YOU have got to laugh at the Scottish Government’s response to the so-called creative industries – this time it’s film – but, actually it could be any of the ailing creative disciplines that are often dependant on minuscule handouts from public sector bodies that vacuum up huge administration and staffing costs (your report, 31 March).
Now more taxpayers’ money may be wasted on yet another quango; the Film Industry leadership Group. I sometimes feel that our country is the reverse of that wonderful film, Goodbye Lenin where a brother and sister are too afraid to tell their mother – who is just coming out of a coma – that her beloved communism is dead so they pretend that it’s still flourishing. In Scotland, the powers that be think that every response to an arts issue is to set up more admin.
I have a better idea.
Why not give some of this money to actual arts producers; men and women who make stuff, yes they really are out there.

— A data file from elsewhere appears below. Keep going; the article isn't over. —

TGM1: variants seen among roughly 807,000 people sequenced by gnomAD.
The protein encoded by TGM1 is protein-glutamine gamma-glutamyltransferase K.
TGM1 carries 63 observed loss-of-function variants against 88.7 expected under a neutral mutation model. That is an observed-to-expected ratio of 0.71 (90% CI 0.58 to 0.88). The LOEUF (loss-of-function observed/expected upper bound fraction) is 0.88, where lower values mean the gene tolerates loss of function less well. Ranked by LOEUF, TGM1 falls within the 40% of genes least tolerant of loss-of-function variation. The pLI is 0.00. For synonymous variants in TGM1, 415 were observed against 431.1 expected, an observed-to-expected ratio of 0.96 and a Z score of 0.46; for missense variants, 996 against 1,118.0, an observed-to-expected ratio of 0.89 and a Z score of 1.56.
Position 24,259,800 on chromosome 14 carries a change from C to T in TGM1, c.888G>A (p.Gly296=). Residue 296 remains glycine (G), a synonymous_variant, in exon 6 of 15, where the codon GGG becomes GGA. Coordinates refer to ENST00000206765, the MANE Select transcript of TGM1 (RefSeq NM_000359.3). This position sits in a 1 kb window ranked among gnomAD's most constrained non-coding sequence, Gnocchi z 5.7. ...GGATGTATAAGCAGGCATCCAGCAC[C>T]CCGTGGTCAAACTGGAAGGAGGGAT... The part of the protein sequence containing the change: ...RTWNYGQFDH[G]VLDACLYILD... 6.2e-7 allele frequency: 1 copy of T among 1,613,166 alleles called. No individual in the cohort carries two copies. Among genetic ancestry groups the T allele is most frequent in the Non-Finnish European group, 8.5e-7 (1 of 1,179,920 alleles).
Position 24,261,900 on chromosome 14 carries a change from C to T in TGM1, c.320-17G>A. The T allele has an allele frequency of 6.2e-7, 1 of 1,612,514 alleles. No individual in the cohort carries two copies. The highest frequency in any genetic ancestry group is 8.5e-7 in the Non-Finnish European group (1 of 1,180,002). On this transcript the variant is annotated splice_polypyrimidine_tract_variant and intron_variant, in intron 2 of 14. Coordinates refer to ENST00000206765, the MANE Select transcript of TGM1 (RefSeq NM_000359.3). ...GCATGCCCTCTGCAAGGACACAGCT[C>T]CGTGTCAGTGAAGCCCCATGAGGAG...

In Fife, Dysart filmmaker Lawrie Brewster is making two full-length feature films coming out this year, referendum artist Dominic Currie has just opened an art gallery in Fife and young filmmaker Alex Harron is having his short film No Set Door Price screened by our national broadcaster. None of this has been done with arts money but it should have been. This is happening all over Scotland and it needs proper financial support.
Until recently many of those on the admin side loved to host and back huge American projects that already have millions and a bankable star that will garner the investors’ return many times over while our indigenous art and film industry scramble for scraps like kids at a wedding scramble. Of course they do. It looks good in the media but it’s shortsighted and it has to change. So, I urge public sector arts bodies and the government to come out of your coma and engage with grassroots art producers instead of buying more desks and chairs for admin staff in expensive city centre offices.